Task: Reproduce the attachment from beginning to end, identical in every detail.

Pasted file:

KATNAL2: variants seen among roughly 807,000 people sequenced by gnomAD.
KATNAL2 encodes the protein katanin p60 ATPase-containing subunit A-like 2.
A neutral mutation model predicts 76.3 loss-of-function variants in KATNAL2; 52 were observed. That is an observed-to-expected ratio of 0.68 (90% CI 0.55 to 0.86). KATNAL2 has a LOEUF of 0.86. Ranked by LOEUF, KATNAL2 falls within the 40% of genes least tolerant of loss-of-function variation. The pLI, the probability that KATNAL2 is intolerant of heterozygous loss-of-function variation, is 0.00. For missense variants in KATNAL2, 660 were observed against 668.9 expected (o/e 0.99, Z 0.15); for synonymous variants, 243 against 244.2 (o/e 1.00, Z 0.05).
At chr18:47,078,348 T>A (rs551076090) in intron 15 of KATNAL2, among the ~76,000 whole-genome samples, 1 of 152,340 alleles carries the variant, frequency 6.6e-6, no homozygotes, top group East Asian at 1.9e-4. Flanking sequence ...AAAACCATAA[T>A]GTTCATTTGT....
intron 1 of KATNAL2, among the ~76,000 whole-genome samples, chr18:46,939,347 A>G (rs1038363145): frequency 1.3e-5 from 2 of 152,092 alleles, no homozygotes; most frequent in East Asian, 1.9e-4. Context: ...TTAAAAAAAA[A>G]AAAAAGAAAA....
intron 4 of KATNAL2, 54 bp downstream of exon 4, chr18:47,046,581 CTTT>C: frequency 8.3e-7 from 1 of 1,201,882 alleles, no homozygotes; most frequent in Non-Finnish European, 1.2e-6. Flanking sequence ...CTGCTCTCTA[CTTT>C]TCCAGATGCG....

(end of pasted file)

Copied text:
KATNAL2: variants seen among roughly 807,000 people sequenced by gnomAD.
KATNAL2 encodes the protein katanin p60 ATPase-containing subunit A-like 2.
A neutral mutation model predicts 76.3 loss-of-function variants in KATNAL2; 52 were observed. That is an observed-to-expected ratio of 0.68 (90% CI 0.55 to 0.86). KATNAL2 has a LOEUF of 0.86. Ranked by LOEUF, KATNAL2 falls within the 40% of genes least tolerant of loss-of-function variation. The pLI, the probability that KATNAL2 is intolerant of heterozygous loss-of-function variation, is 0.00. For missense variants in KATNAL2, 660 were observed against 668.9 expected (o/e 0.99, Z 0.15); for synonymous variants, 243 against 244.2 (o/e 1.00, Z 0.05).
At chr18:47,078,348 T>A (rs551076090) in intron 15 of KATNAL2, among the ~76,000 whole-genome samples, 1 of 152,340 alleles carries the variant, frequency 6.6e-6, no homozygotes, top group East Asian at 1.9e-4. Flanking sequence ...AAAACCATAA[T>A]GTTCATTTGT....
intron 1 of KATNAL2, among the ~76,000 whole-genome samples, chr18:46,939,347 A>G (rs1038363145): frequency 1.3e-5 from 2 of 152,092 alleles, no homozygotes; most frequent in East Asian, 1.9e-4. Context: ...TTAAAAAAAA[A>G]AAAAAGAAAA....
intron 4 of KATNAL2, 54 bp downstream of exon 4, chr18:47,046,581 CTTT>C: frequency 8.3e-7 from 1 of 1,201,882 alleles, no homozygotes; most frequent in Non-Finnish European, 1.2e-6. Flanking sequence ...CTGCTCTCTA[CTTT>C]TCCAGATGCG....